This exhibition, curated for the Design Museum
by Edward Barber and Jay Osgerby, captures over twenty objects mid-manufacture, putting the aesthetic of the unfinished centre stage. Varying from the £2 coin to a cricket bat, a surprising range of objects have been chosen by British designers Edward Barber and Jay Osgerby, founders of the design studio Barber & Osgerby, to be exhibited in an unfinished state, celebrating the intriguing beauty of the production process.
The objects have been selected because they each have an unexpected quality about them in those moments, hours or days before they assume their final, recognisable form. These points in the making process capture a peculiar and unconventional slice of time in the production of everyday objects such as tennis balls, banknotes and even diamonds.
The show gives a glimpse of the designers ongoing dialogue with manufacturing that is so distinctive to their practice. Throughout their careers, Edward and Jay have had a technical curiosity and fascination with the making process. The way in which things are created has had a profound influence on them and continually inspires their work.
Edward Barber and Jay Osgerby comment We have always been fascinated by the making process as it is an integral part of our work. We have curated an exhibition that will provide a platform to capture and reveal a frozen moment in the manufacturing process and unveils an everyday object in its unfinished state. Often the object is as beautiful, if not more so, than the finished product!'
These partially made objects give an insight into the design thinking that has driven this duo to such acclaimed success, including designing the London 2012 Olympic Torch, which went on to be awarded the Design Museums Design of the Year 2012. Their multidisciplinary approach challenges the boundaries of industrial design, architecture and art.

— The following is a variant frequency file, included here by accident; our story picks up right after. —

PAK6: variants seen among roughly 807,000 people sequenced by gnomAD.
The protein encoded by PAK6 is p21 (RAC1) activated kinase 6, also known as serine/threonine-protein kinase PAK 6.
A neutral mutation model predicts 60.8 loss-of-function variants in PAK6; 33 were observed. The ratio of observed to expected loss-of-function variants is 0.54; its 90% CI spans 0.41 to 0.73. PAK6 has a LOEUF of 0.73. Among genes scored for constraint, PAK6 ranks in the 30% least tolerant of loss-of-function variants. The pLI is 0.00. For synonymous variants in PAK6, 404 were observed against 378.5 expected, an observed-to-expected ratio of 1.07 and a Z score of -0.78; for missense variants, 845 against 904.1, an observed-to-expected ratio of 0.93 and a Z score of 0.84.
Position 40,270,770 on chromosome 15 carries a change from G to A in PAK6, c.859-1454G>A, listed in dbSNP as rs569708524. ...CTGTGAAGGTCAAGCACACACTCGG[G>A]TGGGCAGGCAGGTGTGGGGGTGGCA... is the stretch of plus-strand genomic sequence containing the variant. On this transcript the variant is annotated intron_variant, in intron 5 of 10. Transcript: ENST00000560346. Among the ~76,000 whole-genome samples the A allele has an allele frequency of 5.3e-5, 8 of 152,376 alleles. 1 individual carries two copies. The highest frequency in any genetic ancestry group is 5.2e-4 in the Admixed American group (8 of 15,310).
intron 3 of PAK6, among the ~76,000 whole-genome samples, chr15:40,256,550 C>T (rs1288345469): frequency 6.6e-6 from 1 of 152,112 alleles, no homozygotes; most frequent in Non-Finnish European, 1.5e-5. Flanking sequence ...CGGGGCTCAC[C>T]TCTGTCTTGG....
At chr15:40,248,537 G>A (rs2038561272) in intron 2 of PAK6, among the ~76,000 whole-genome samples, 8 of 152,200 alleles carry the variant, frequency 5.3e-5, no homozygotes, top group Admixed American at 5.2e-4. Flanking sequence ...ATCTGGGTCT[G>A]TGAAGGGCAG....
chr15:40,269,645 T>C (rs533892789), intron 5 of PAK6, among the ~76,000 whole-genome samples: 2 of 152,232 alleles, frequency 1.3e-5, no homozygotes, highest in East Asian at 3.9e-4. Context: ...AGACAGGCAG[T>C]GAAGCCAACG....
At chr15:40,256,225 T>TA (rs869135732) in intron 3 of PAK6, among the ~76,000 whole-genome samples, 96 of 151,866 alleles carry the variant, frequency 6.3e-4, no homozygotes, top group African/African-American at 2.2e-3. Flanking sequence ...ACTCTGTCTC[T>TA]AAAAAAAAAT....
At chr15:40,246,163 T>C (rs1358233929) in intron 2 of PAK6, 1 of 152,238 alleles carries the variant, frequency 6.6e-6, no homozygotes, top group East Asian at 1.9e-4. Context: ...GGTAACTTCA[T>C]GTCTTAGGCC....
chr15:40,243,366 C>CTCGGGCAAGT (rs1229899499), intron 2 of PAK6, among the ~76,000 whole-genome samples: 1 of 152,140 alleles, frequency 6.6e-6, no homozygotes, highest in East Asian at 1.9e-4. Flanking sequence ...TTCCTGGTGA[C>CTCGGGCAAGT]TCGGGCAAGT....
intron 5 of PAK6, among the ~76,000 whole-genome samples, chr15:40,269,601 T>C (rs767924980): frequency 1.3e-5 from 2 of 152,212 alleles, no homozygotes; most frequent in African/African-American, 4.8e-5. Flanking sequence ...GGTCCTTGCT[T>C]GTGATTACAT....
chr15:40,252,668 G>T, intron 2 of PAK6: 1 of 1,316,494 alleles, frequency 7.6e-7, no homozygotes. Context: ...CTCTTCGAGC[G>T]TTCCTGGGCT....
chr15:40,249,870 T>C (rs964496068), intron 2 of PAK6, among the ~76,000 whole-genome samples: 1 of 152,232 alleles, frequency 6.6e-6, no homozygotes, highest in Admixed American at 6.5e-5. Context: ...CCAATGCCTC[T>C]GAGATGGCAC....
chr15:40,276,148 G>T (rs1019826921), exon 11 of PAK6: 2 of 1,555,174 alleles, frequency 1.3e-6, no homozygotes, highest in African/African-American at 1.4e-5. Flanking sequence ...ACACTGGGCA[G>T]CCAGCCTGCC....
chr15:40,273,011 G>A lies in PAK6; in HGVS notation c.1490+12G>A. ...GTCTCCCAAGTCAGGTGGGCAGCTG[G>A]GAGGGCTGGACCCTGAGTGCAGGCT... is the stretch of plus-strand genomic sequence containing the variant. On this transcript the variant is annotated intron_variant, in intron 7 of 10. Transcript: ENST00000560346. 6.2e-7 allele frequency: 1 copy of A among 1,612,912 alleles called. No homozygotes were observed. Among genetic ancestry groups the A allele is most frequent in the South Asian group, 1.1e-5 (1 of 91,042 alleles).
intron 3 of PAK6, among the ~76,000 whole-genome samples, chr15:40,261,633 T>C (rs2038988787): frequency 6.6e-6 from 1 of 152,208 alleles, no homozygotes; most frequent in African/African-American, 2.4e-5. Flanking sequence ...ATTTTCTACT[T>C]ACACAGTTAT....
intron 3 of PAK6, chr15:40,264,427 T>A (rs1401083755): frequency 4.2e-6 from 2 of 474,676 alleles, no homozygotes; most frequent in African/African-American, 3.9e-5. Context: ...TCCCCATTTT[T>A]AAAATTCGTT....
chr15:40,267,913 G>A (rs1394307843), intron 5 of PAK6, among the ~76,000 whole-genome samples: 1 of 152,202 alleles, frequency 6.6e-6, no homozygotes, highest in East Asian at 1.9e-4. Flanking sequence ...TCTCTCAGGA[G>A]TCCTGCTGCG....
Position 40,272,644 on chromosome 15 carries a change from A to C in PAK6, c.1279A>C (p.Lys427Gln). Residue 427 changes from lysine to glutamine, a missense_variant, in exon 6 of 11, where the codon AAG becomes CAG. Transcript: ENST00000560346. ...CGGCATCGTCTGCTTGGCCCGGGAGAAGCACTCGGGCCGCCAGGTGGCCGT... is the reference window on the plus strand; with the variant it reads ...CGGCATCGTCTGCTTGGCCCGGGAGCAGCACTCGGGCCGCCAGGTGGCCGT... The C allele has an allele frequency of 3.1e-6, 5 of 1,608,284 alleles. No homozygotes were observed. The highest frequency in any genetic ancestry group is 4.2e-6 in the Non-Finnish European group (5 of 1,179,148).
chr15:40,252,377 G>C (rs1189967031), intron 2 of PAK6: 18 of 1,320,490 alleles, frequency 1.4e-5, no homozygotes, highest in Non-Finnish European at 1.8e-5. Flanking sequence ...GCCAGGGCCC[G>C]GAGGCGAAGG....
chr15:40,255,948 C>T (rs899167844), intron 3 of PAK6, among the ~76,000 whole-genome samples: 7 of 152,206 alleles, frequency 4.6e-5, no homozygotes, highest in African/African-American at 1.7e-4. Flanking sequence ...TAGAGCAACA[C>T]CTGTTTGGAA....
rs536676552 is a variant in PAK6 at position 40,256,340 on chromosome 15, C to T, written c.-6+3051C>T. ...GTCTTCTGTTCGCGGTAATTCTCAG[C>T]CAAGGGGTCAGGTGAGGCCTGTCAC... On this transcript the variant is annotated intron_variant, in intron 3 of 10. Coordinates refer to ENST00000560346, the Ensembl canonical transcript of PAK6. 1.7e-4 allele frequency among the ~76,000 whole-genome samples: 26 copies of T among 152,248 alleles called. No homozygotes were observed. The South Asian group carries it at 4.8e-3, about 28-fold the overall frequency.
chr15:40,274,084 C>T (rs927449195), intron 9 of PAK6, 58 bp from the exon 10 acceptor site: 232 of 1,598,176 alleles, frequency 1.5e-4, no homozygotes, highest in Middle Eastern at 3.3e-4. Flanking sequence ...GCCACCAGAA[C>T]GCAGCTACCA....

Internationally acclaimed designers Edward Barber and Jay Osgerby founded their London-based studio in 1996 after graduating from Londons Royal College of Art. Their multidisciplinary approach challenges the boundaries of industrial design, architecture and art. Their diverse body of work includes collections for Knoll, Vitra, B&B Italia, Cappellini, Venini, and Flos, limited edition works and public commissions including the 2012 Olympic Torch and a new £2 coin designed for the Royal Mint. Their work is held in permanent museum collections around the world.
They were both awarded OBEs in the 2013 Queens Birthday Honours list for their services to the design industry. Both are Royal Designers for Industry (RDI), Honorary Doctors of Arts and most recently were awarded The Chairmans Award by the Institution of Engineering Designers.